Securitising Covid-19: Uganda and Rebel Museveni’s antidote

Friday October 23 2020

President Museveni addresses the nation on the Covid-19 situation in one of his televised addresses in April. PHOTO/ FILE


The Lancet Covid-19 Commission last month named Uganda among 19 countries that it noted had suppressed the pandemic based on an analysis of the disease’s August 2020 global data.

The finding may have evoked some scepticism as it dovetailed with rising, not falling, coronavirus infections and deaths in Uganda that had recorded no death in the first four months since confirming outbreak of the disease in the country in March.

But according to the Commission, its categorisation of suppression simply means “there are five or fewer new cases per million population per day (in August)” against a backdrop of at least 20 tests for every new case. 

Uganda through Health Minister Jane Ruth Aceng harped on the plaudit understandably because The Lancet is a reputed medical journal whose experts’ verdict relies, or should anchor, on authoritative science.

That the finding was communicated in the Commission’s statement to the 75th United Nations General Assembly (UNGA) session makes it high-profile, earning Uganda greater world-wide visibility for something positive.  

Nonetheless, questions arise about what such a feat against coronavirus means in real life or what it should look like for citizens, which disappointingly is not the mainstay of this article.


Rather, I cast and examine Uganda’s success – and the likely turbulence ahead - as an outcome of securitisation of the pandemic in a way that suppressed transmission in the early stages, but also gifted President Museveni unending control over the population and politics.


A Red Cross Society staff takes temperature of a man entering Owino Market in Kampala on April 30. PHOTO/ Rachel Mabala

To illustrate this, it is imperative to reflect on his decision to resurrect his guerrilla form and tactics during televised addresses as the magic portion to command citizens’ compliance, trust and protection. 

Restoring human security and lifting Uganda out of a political and economic quagmire has been a cornerstone credit claim by Mr Museveni who barrelled himself to State power through the National Resistance Army (NRA) rebel outfit.

 It then follows that redressing in a guerrilla garb had a particular purpose for the incumbent: reproducing his revolutionary stature and liberating mission.

In the coronavirus-induced crisis, the President argued that a resort to guerrilla methods – encapsulated in 35 decrees (including sternly enforced lockdown and political activity freeze) that he unilaterally issued between March 18 and  March, 30 - was inevitable.

 “In our bush (guerrilla) language, all these measures were aimed at: stop, kneel, keep quiet and listen. In that way, you can hear the enemy clearly moving (sic) in the grass or bush, locate its approximate position and act,” he said in a  May 4 address about the pandemic.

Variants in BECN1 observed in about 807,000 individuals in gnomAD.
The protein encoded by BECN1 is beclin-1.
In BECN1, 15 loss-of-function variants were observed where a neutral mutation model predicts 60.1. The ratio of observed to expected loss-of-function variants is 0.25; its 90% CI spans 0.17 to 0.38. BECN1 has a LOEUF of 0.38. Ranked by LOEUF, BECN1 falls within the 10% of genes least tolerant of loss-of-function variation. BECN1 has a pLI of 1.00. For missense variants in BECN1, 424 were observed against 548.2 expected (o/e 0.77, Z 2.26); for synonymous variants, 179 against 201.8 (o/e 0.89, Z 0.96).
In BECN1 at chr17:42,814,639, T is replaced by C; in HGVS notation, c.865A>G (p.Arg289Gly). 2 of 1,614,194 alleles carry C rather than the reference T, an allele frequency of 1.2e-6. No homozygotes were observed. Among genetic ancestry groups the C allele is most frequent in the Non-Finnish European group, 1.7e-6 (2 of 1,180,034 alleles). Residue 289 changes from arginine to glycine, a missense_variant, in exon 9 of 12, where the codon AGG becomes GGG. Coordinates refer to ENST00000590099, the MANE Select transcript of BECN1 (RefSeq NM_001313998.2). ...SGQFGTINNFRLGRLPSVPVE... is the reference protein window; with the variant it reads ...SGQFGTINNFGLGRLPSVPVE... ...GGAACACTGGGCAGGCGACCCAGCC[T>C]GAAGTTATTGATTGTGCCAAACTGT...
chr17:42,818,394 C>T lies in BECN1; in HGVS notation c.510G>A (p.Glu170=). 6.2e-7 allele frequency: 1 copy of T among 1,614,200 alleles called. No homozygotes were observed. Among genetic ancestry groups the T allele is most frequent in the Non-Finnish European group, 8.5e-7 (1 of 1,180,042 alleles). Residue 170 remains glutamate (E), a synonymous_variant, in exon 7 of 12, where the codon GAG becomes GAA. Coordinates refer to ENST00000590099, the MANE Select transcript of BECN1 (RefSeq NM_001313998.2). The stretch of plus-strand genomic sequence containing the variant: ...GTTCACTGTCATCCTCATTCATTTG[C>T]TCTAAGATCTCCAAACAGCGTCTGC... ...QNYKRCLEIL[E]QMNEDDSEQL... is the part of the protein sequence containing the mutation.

In other words, to Mr Museveni, the rebel tactics of 40 years ago still presented a correct diagnosis and solution prescription against this time an invisible, non-territorialised and unarmed yet vicious enemy. The chosen path appears to have reflected a scientific strategy anchored on forcible execution. 

If Uganda’s comparably low infection and death rates are considered, President Museveni’s prompt, decisive and securitised actions paid off.  However, it is necessary to be cautious with such optimism, especially that both Covid-19 infections and deaths have begun rising with uptick in electioneering activities.

This reveals that scientific standard operation procedures (SOPs) to tame the virus were accepted and worked in Uganda only when they coincided with the securitising agenda and politics.

If considered that SOPs is a lexicon more common in the military to denote granular instructions to achieve a task, it follows that the widespread usage of the terminology in Covid-19 response represents a normalisation of the pandemic as war.

And this provided the strings for many leaders, including in Uganda, to seize control to securitise anything and reproduce other outcomes unrelated to Coronavirus management. 

As a theory of security studies, securitisation emerged from the 1990s research works by Barry Buzan, Ole Waever and Jaap de Wilde at the defunct Peace Research Institute Denmark, which is why it is alternately called the Copenhagen School Theory.

In summary, the theory posits that security does not exist as an objective reality and that something becomes a security issue because an actor with power and means (notably the elite) proclaim it as posing existential threat to a referent object.

On that basis, therefore, an audience is convinced to accept the threat and this acquiescence in turn enables a securitiser to suspend normal politics and introduce emergency measures to tackle the threat. There are, of course, multiple security theories and contrasting discourses not considered in this article.